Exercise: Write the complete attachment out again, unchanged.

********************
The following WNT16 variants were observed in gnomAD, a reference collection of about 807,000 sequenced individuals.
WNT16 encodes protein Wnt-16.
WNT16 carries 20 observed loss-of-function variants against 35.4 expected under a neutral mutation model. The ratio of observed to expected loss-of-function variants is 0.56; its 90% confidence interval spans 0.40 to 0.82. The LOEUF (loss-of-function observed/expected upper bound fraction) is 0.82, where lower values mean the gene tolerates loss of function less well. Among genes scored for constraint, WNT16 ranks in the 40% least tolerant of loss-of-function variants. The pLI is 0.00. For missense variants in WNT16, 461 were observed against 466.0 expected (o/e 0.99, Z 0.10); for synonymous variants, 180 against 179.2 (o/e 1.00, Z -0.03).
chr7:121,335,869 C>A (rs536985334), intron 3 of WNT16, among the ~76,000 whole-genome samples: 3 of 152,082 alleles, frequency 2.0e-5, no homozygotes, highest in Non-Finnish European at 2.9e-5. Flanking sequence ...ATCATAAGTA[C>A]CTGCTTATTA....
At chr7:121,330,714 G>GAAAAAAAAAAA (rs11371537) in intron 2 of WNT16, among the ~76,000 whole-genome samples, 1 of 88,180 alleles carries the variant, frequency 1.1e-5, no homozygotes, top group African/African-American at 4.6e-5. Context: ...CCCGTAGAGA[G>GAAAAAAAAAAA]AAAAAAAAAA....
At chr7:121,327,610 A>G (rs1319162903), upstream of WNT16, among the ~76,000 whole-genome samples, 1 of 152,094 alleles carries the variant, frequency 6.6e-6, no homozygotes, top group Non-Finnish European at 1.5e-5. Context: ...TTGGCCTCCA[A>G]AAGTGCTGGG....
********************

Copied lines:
The following WNT16 variants were observed in gnomAD, a reference collection of about 807,000 sequenced individuals.
WNT16 encodes protein Wnt-16.
WNT16 carries 20 observed loss-of-function variants against 35.4 expected under a neutral mutation model. The ratio of observed to expected loss-of-function variants is 0.56; its 90% confidence interval spans 0.40 to 0.82. The LOEUF (loss-of-function observed/expected upper bound fraction) is 0.82, where lower values mean the gene tolerates loss of function less well. Among genes scored for constraint, WNT16 ranks in the 40% least tolerant of loss-of-function variants. The pLI is 0.00. For missense variants in WNT16, 461 were observed against 466.0 expected (o/e 0.99, Z 0.10); for synonymous variants, 180 against 179.2 (o/e 1.00, Z -0.03).
chr7:121,335,869 C>A (rs536985334), intron 3 of WNT16, among the ~76,000 whole-genome samples: 3 of 152,082 alleles, frequency 2.0e-5, no homozygotes, highest in Non-Finnish European at 2.9e-5. Flanking sequence ...ATCATAAGTA[C>A]CTGCTTATTA....
At chr7:121,330,714 G>GAAAAAAAAAAA (rs11371537) in intron 2 of WNT16, among the ~76,000 whole-genome samples, 1 of 88,180 alleles carries the variant, frequency 1.1e-5, no homozygotes, top group African/African-American at 4.6e-5. Context: ...CCCGTAGAGA[G>GAAAAAAAAAAA]AAAAAAAAAA....
At chr7:121,327,610 A>G (rs1319162903), upstream of WNT16, among the ~76,000 whole-genome samples, 1 of 152,094 alleles carries the variant, frequency 6.6e-6, no homozygotes, top group Non-Finnish European at 1.5e-5. Context: ...TTGGCCTCCA[A>G]AAGTGCTGGG....